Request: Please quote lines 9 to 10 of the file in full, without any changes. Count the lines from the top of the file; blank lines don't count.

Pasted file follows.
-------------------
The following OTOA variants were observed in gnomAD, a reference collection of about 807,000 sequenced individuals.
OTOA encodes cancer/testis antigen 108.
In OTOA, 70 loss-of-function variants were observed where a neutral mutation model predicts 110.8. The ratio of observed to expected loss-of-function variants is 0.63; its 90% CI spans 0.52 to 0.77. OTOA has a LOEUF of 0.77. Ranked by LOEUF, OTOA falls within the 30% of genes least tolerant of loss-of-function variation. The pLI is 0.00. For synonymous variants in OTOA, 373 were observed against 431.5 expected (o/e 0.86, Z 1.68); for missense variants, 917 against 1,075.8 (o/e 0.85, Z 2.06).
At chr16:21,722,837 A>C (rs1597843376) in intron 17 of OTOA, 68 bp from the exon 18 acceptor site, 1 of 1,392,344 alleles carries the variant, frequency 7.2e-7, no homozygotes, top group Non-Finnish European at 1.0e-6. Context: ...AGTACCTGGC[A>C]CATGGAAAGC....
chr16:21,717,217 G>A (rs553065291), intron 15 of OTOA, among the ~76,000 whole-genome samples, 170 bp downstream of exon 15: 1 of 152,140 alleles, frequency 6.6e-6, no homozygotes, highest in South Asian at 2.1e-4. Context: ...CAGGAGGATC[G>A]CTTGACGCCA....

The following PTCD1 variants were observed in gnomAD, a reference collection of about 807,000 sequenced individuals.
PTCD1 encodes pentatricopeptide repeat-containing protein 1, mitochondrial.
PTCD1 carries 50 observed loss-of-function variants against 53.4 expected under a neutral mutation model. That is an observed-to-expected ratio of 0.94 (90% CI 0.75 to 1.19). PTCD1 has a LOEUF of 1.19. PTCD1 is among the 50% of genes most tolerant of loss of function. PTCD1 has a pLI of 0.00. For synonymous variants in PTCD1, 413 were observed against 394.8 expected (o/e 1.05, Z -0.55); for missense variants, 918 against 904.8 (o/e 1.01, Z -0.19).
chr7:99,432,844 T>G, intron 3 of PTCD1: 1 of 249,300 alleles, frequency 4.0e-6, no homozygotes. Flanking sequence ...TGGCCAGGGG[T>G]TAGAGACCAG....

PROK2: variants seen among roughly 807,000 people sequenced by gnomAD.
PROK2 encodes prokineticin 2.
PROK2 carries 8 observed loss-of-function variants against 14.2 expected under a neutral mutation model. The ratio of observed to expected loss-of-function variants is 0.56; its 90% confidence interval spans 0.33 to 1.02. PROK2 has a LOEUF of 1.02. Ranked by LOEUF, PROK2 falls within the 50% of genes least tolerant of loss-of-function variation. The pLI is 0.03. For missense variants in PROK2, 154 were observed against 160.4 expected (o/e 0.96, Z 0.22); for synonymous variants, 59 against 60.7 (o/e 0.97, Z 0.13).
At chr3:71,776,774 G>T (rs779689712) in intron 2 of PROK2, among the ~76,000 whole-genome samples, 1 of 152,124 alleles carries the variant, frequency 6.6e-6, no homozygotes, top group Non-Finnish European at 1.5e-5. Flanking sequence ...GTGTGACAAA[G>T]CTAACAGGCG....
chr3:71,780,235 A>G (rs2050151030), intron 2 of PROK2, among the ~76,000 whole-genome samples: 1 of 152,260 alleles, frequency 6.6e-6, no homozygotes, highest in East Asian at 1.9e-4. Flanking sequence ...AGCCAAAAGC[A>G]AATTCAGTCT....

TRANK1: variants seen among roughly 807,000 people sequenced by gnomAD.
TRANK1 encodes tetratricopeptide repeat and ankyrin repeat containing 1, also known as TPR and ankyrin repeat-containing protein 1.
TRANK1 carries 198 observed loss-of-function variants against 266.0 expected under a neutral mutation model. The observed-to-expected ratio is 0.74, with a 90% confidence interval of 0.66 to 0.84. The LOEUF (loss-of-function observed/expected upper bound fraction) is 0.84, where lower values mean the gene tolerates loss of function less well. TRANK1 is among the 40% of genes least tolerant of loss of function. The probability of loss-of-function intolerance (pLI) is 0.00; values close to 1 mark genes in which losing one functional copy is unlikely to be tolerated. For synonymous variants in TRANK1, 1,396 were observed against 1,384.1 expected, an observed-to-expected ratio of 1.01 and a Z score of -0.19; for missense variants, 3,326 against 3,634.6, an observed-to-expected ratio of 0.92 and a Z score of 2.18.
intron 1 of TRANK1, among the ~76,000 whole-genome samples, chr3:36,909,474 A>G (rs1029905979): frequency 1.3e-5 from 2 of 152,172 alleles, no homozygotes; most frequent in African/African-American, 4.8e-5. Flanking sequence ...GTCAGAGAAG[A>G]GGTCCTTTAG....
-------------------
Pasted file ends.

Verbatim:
chr7:99,432,844 T>G, intron 3 of PTCD1: 1 of 249,300 alleles, frequency 4.0e-6, no homozygotes. Flanking sequence ...TGGCCAGGGG[T>G]TAGAGACCAG....

PROK2: variants seen among roughly 807,000 people sequenced by gnomAD.